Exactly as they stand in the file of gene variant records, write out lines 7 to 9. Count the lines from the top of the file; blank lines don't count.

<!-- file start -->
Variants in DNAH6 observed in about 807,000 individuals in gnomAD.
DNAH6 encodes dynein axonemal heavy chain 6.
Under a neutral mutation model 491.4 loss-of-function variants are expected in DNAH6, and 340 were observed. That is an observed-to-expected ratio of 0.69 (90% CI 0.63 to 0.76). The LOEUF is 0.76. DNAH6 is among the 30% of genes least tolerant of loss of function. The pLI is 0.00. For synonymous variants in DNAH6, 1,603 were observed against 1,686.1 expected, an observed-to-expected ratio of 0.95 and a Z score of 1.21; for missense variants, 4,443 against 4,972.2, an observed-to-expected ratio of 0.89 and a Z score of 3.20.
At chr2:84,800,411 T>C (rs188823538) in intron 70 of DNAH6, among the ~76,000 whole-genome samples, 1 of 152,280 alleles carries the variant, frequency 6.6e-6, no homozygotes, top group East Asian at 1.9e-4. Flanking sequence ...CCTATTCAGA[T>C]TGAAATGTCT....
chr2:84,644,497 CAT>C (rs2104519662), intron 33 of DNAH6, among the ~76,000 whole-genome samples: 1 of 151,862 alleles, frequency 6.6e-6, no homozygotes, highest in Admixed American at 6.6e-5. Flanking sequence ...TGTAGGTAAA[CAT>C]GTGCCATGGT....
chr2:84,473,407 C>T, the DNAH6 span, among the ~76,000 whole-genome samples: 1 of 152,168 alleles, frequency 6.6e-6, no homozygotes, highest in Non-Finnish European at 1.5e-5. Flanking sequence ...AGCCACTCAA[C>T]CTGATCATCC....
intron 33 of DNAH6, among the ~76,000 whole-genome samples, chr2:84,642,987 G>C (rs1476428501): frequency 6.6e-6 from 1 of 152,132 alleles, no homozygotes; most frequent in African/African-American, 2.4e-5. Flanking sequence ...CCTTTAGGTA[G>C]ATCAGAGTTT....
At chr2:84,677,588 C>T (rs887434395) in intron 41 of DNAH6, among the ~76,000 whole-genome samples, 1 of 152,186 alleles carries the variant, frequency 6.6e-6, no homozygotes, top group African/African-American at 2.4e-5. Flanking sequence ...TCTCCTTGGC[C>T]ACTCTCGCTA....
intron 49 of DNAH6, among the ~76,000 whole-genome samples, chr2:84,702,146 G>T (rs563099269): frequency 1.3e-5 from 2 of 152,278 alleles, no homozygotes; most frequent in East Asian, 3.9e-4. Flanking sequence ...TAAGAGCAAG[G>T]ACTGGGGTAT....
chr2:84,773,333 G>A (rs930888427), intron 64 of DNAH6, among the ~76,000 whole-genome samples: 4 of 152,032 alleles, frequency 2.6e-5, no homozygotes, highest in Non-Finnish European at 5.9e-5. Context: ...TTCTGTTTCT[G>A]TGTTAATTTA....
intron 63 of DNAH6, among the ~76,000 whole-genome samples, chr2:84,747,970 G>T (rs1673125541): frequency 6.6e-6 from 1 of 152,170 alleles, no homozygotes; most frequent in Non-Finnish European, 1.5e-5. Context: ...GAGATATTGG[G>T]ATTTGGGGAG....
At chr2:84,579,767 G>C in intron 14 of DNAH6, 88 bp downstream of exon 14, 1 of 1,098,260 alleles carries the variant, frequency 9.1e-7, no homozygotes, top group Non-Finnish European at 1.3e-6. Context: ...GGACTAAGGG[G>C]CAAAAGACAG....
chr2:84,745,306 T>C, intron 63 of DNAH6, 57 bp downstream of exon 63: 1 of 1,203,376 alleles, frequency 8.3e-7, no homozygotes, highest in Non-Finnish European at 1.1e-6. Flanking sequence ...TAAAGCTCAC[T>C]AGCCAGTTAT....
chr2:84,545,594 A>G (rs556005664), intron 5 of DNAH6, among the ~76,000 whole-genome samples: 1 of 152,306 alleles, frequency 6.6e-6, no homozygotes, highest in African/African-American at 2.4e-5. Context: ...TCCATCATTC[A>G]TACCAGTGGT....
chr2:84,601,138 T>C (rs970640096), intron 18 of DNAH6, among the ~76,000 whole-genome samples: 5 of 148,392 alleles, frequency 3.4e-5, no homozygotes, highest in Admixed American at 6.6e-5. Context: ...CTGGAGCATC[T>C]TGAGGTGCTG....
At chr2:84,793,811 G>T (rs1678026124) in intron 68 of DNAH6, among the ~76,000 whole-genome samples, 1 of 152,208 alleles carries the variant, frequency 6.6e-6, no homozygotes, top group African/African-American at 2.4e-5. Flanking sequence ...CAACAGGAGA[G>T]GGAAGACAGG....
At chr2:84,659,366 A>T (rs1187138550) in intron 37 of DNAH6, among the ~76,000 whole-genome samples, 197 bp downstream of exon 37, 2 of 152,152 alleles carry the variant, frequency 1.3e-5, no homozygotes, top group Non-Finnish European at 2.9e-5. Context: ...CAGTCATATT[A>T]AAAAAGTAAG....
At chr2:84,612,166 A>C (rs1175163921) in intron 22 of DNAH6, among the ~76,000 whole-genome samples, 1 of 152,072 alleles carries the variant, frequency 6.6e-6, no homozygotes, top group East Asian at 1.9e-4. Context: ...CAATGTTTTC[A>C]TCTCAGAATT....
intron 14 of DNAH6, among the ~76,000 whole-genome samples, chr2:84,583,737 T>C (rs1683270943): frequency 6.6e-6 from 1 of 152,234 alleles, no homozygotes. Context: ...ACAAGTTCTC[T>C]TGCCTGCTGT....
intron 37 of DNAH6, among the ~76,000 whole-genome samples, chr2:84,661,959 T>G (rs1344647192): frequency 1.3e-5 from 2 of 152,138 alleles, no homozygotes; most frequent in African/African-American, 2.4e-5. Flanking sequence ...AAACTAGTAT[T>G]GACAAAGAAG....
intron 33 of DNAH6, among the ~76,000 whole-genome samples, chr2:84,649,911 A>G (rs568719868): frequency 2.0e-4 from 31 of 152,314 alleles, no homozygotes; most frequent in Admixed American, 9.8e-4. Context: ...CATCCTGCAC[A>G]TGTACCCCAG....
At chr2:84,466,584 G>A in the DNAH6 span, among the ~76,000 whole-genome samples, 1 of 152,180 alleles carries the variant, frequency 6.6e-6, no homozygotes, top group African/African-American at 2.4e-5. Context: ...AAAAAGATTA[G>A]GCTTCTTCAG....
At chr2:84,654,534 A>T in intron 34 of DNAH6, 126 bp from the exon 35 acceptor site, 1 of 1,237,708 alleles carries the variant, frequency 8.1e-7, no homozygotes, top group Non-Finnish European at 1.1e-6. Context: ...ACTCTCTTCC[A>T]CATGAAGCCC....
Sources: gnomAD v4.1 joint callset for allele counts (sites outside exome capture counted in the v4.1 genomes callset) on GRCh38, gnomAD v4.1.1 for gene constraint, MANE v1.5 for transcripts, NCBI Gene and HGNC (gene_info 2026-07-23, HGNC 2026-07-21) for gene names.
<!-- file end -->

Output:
intron 33 of DNAH6, among the ~76,000 whole-genome samples, chr2:84,642,987 G>C (rs1476428501): frequency 6.6e-6 from 1 of 152,132 alleles, no homozygotes; most frequent in African/African-American, 2.4e-5. Flanking sequence ...CCTTTAGGTA[G>C]ATCAGAGTTT....
At chr2:84,677,588 C>T (rs887434395) in intron 41 of DNAH6, among the ~76,000 whole-genome samples, 1 of 152,186 alleles carries the variant, frequency 6.6e-6, no homozygotes, top group African/African-American at 2.4e-5. Flanking sequence ...TCTCCTTGGC[C>T]ACTCTCGCTA....
intron 49 of DNAH6, among the ~76,000 whole-genome samples, chr2:84,702,146 G>T (rs563099269): frequency 1.3e-5 from 2 of 152,278 alleles, no homozygotes; most frequent in East Asian, 3.9e-4. Flanking sequence ...TAAGAGCAAG[G>T]ACTGGGGTAT....